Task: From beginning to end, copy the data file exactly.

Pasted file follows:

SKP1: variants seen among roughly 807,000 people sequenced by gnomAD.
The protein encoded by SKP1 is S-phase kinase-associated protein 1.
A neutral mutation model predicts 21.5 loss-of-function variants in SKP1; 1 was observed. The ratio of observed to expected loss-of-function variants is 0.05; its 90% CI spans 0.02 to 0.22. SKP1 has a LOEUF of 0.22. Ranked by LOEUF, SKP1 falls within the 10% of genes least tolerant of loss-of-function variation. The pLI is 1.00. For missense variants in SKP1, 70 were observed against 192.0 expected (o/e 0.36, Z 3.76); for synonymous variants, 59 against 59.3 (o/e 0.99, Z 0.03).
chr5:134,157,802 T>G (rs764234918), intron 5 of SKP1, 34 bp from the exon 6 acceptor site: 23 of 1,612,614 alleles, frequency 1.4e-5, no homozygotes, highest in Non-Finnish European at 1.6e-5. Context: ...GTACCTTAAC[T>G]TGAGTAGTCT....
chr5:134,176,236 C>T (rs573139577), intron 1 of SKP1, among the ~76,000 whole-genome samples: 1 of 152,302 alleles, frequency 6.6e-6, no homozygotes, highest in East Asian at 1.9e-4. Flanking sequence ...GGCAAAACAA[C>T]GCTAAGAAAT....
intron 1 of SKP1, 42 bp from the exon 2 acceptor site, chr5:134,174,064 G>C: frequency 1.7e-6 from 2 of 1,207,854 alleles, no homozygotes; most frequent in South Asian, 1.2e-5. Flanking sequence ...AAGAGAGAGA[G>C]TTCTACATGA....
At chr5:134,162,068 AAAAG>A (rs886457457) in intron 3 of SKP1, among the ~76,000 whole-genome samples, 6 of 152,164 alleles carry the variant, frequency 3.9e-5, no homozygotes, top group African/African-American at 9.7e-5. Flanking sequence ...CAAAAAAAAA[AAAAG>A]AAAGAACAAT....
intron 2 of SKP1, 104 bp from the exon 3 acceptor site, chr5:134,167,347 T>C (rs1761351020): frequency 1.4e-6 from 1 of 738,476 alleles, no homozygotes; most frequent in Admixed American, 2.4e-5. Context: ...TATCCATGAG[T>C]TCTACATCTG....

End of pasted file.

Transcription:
SKP1: variants seen among roughly 807,000 people sequenced by gnomAD.
The protein encoded by SKP1 is S-phase kinase-associated protein 1.
A neutral mutation model predicts 21.5 loss-of-function variants in SKP1; 1 was observed. The ratio of observed to expected loss-of-function variants is 0.05; its 90% CI spans 0.02 to 0.22. SKP1 has a LOEUF of 0.22. Ranked by LOEUF, SKP1 falls within the 10% of genes least tolerant of loss-of-function variation. The pLI is 1.00. For missense variants in SKP1, 70 were observed against 192.0 expected (o/e 0.36, Z 3.76); for synonymous variants, 59 against 59.3 (o/e 0.99, Z 0.03).
chr5:134,157,802 T>G (rs764234918), intron 5 of SKP1, 34 bp from the exon 6 acceptor site: 23 of 1,612,614 alleles, frequency 1.4e-5, no homozygotes, highest in Non-Finnish European at 1.6e-5. Context: ...GTACCTTAAC[T>G]TGAGTAGTCT....
chr5:134,176,236 C>T (rs573139577), intron 1 of SKP1, among the ~76,000 whole-genome samples: 1 of 152,302 alleles, frequency 6.6e-6, no homozygotes, highest in East Asian at 1.9e-4. Flanking sequence ...GGCAAAACAA[C>T]GCTAAGAAAT....
intron 1 of SKP1, 42 bp from the exon 2 acceptor site, chr5:134,174,064 G>C: frequency 1.7e-6 from 2 of 1,207,854 alleles, no homozygotes; most frequent in South Asian, 1.2e-5. Flanking sequence ...AAGAGAGAGA[G>C]TTCTACATGA....
At chr5:134,162,068 AAAAG>A (rs886457457) in intron 3 of SKP1, among the ~76,000 whole-genome samples, 6 of 152,164 alleles carry the variant, frequency 3.9e-5, no homozygotes, top group African/African-American at 9.7e-5. Flanking sequence ...CAAAAAAAAA[AAAAG>A]AAAGAACAAT....
intron 2 of SKP1, 104 bp from the exon 3 acceptor site, chr5:134,167,347 T>C (rs1761351020): frequency 1.4e-6 from 1 of 738,476 alleles, no homozygotes; most frequent in Admixed American, 2.4e-5. Context: ...TATCCATGAG[T>C]TCTACATCTG....